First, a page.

Business sustainability has been a concern for most organizations since the 1970s when the environmental movement and social change became corporate concerns. Now, sustainability is a popular topic in business leadership circles: How does a manager plan for sustainability today and in the future?
As more leaders commit to sustainable business practices, businesses will likely need to adapt to a new era of sustainability — a second phase in which more widespread sustainable practices revolutionize not just how individual organizations but how entire markets function. Emerging business leaders will need to consider both phases of business sustainability, which will include:
The health of the environment first became a concern for businesses in the middle of the 20th century. Beginning in the 1950s, research from various sources began uncovering evidence that human industrial activity was causing intense harm to the environment. Journalists like Rachel Carson published influential works detailing how pollution impacts plant, animal and human populations, and the public began demanding more sustainable solutions to dangerously wasteful business practices.
As a result, President Nixon made environmental policy a main pillar of his campaign. Nixon formed the Environmental Protection Agency (EPA), which was responsible for enforcing other environmental regulations created and passed during the Nixon administration, such as the Marine Mammal Protection Act, the Safe Drinking Water Act, the Endangered Species Act and more. Many of these laws forced businesses to control their operations to prevent pollution and waste.
Pressure from domestic and international regulations is one driver of enterprise integration of sustainable practices, but it isn’t the only one. Businesses can feel pressured to invest in sustainability by their suppliers, shareholders, investors, banks, insurers and buyers, and their surrounding market, to include consumers, competitors, activist groups, the press and others.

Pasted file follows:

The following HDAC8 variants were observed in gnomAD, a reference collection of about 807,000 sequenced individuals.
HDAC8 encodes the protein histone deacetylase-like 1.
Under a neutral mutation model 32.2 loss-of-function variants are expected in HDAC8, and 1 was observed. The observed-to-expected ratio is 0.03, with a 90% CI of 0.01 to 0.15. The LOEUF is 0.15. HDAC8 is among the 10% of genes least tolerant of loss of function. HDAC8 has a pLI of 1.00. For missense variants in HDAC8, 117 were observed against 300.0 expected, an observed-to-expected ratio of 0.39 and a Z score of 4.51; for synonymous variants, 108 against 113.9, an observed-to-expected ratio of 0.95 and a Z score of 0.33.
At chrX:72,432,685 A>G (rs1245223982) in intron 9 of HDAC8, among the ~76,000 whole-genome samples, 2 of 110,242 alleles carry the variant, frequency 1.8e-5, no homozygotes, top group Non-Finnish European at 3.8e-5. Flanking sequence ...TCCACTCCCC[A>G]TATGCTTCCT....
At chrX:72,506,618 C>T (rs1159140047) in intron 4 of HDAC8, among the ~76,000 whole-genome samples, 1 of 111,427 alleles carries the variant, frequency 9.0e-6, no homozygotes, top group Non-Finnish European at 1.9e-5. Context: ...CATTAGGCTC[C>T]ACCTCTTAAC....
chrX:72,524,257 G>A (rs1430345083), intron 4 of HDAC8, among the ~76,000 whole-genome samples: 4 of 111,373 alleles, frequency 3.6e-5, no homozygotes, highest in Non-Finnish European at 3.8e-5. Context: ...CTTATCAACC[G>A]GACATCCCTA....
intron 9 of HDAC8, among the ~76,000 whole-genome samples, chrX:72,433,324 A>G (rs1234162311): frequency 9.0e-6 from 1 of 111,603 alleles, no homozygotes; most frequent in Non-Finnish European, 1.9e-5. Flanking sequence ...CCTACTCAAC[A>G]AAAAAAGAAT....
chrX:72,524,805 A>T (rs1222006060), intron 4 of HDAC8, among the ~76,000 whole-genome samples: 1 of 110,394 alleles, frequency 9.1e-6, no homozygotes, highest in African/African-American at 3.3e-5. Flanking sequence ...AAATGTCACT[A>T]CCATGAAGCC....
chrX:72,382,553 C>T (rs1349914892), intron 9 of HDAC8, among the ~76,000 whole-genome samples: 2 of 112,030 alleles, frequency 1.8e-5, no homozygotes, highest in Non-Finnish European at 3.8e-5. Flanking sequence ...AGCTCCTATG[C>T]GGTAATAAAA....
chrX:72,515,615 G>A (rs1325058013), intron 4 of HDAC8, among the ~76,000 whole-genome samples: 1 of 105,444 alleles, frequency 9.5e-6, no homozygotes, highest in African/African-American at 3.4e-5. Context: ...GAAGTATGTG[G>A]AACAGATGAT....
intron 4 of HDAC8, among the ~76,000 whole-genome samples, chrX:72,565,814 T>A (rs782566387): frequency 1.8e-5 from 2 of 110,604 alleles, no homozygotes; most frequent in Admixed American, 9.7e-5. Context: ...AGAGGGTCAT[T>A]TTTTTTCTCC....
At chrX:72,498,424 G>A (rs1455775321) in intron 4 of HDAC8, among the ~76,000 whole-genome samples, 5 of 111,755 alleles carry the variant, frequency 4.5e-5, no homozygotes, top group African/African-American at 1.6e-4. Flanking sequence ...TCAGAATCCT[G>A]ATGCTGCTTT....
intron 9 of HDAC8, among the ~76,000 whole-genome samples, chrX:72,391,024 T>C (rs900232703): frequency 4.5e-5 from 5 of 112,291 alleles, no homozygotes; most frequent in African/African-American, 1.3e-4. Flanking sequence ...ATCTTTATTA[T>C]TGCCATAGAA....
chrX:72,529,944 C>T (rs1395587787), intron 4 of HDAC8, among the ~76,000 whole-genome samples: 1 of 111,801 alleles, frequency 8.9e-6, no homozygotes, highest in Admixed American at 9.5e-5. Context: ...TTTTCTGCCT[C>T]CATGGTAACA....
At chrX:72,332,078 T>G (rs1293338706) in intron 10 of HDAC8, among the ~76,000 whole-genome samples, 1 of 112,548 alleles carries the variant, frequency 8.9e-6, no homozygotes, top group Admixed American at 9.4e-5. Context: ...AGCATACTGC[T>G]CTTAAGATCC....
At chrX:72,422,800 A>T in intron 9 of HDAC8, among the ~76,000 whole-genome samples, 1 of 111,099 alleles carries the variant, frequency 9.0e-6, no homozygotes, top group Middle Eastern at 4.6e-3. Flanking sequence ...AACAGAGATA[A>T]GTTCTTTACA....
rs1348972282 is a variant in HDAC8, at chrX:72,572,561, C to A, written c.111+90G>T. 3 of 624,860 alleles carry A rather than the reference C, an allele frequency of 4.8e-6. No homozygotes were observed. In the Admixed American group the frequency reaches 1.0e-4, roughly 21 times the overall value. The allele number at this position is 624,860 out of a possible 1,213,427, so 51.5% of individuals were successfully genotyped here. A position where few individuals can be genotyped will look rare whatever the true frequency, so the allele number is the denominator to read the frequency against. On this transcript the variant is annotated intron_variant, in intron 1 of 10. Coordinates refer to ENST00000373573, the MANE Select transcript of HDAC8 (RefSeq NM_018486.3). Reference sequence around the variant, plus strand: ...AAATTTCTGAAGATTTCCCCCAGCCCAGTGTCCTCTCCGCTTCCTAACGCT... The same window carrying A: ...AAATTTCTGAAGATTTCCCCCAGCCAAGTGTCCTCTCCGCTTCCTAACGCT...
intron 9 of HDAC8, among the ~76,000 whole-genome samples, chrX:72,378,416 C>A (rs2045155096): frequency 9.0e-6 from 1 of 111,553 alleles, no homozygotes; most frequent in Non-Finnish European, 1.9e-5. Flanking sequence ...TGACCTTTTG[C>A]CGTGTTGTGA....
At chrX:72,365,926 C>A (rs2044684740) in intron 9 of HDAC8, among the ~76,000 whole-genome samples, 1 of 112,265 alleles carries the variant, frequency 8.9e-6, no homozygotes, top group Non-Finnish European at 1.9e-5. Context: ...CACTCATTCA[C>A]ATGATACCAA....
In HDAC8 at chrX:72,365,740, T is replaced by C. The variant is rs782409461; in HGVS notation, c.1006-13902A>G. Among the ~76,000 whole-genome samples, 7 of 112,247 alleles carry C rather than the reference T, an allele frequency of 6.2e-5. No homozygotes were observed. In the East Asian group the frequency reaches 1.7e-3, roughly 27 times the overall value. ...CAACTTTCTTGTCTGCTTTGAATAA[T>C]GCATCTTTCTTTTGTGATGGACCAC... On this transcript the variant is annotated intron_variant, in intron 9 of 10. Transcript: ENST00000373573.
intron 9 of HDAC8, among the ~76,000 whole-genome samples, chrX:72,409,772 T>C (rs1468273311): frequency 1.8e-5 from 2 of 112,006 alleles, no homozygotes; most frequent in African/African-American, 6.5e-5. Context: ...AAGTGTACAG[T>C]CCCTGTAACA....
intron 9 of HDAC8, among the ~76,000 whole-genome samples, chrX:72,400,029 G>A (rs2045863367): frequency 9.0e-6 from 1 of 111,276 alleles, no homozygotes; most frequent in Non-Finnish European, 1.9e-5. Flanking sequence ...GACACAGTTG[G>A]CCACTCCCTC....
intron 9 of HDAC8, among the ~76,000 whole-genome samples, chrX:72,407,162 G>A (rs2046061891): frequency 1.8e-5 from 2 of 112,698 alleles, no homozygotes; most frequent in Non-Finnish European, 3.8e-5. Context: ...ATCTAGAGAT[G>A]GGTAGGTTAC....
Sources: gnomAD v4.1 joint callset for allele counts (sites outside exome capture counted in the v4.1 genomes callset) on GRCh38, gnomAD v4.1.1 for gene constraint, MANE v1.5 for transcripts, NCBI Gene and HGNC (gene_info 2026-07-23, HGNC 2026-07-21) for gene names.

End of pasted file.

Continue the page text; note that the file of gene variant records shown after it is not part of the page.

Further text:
Often, the source of the sustainability pressure will determine a business’s first moves. For instance, when an insurance company applies pressure, a firm will likely consider sustainability as an issue of risk management. But when consumers apply pressure, leaders recognize sustainability as an issue of market demand. In any case, most businesses strive to link sustainability with corporate strategy, and in this way, leaders don’t necessarily need to understand the science of culture surrounding sustainability to grasp its importance.
Ultimately, this first phase of enterprise sustainability has led to many organizations making unprecedented changes to their business practices — but it hasn’t exactly been enough to curb the worsening status of the environment. Thus, business leaders need to usher in the second phase of business sustainability: market transformation.Phase 2: Market Transformation
In the 21st century, climate scientists have identified nine environmental factors that describe how humans can live with safety and stability — in business jargon, they are the key performance indicators (KPIs) of the environment. Already, humanity has overshot the boundaries of three of these factors and are on the verge of exceeding five more. Worse, these environmental disruptions are almost wholly the fault of market institutions, so it is the responsibility of market institutions to remedy them.
The current pressing need for sustainability should drive the market to transform in critical ways. For example, business leaders must reframe their understanding of the environment’s purpose in a capitalist system. Previously, many organizations viewed the environment having value only insofar as it could provide economic growth: as a limitless source of materials and as a convenient deposit for waste, for example. Decision-makers within corporations must drive change in their market by rejecting previous practices and policies and developing new conceptions of operations that involve sustainability at every level.
The second phase of business sustainability will not be easy for many business leaders to enter, but market transformation is essential for the safety and success of the environment. It might be useful for executives to enroll in a business sustainability management online course, which provides leaders with the knowledge and tools to navigate various sustainability challenges within an organization. With the right goals, skills, attitude and strategy, corporations can make the fundamental changes necessary to become truly sustainable.